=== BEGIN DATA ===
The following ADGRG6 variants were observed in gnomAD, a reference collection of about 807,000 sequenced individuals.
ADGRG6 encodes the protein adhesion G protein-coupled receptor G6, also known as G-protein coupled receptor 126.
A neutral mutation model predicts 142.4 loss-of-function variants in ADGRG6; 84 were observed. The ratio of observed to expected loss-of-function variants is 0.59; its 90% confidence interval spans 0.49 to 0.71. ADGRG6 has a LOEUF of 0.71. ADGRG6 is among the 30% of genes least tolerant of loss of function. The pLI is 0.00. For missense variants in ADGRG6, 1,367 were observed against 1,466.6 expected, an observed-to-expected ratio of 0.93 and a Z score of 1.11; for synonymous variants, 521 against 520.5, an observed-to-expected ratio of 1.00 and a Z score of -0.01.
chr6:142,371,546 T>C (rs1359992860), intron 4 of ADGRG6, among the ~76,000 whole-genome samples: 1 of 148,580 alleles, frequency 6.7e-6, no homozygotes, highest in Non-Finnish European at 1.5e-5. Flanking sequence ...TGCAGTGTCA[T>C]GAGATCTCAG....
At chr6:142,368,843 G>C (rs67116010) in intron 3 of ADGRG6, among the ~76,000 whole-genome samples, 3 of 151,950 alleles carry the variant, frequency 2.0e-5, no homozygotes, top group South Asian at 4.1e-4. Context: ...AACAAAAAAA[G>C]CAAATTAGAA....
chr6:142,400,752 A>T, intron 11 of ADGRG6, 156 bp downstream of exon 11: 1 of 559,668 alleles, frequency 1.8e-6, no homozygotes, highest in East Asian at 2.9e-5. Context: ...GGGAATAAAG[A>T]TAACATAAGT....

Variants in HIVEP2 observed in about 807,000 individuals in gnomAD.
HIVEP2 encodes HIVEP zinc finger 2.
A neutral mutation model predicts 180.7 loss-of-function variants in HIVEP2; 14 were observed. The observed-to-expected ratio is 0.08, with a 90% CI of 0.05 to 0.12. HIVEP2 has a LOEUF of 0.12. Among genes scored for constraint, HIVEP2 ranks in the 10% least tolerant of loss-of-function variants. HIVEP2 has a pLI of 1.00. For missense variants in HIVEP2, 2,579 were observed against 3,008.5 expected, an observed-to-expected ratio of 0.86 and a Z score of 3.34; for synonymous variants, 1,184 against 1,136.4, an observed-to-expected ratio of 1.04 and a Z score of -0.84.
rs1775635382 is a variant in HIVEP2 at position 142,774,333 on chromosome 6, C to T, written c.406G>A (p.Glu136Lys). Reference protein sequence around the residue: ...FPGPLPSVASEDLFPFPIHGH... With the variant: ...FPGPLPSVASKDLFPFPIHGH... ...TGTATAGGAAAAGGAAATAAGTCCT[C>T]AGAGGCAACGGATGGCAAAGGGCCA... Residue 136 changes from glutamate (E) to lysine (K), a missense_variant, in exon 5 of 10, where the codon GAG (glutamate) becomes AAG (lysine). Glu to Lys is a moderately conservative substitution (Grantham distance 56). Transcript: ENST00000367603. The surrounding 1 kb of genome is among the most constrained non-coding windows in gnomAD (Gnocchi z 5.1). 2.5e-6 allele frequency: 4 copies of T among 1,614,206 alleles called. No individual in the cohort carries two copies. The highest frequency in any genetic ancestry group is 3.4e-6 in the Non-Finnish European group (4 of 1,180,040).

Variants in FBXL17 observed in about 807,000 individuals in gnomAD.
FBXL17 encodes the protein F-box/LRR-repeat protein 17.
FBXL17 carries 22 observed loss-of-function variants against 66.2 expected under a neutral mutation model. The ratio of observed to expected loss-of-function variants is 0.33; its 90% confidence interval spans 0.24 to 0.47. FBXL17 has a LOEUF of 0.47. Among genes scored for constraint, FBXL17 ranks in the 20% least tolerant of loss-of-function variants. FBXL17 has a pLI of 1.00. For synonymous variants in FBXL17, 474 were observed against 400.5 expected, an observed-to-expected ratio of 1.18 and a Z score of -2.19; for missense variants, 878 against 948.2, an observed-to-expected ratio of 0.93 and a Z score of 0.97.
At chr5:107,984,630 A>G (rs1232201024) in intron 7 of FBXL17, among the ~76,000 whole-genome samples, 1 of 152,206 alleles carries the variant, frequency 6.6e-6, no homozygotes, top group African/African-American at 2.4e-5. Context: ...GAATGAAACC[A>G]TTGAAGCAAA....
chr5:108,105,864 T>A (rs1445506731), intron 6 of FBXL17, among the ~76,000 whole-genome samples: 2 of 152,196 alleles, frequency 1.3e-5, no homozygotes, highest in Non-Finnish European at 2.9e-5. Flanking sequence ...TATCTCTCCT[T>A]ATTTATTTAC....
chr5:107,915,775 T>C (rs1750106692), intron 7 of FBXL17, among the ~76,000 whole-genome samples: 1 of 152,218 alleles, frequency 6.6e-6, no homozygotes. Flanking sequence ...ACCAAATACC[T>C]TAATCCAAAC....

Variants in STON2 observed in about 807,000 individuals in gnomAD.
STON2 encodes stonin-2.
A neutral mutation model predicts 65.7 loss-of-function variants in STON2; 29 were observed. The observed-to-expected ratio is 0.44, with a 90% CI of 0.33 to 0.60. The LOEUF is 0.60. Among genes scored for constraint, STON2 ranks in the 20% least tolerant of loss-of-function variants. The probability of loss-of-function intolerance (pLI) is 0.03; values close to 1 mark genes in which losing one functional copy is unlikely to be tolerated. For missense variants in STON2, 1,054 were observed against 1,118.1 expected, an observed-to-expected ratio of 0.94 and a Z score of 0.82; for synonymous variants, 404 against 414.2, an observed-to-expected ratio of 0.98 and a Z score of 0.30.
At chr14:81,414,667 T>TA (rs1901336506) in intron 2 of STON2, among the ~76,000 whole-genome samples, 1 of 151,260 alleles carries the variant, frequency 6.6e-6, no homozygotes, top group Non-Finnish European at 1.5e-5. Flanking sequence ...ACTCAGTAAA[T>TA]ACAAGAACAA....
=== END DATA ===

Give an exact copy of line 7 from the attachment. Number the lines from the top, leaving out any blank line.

Variants in HIVEP2 observed in about 807,000 individuals in gnomAD.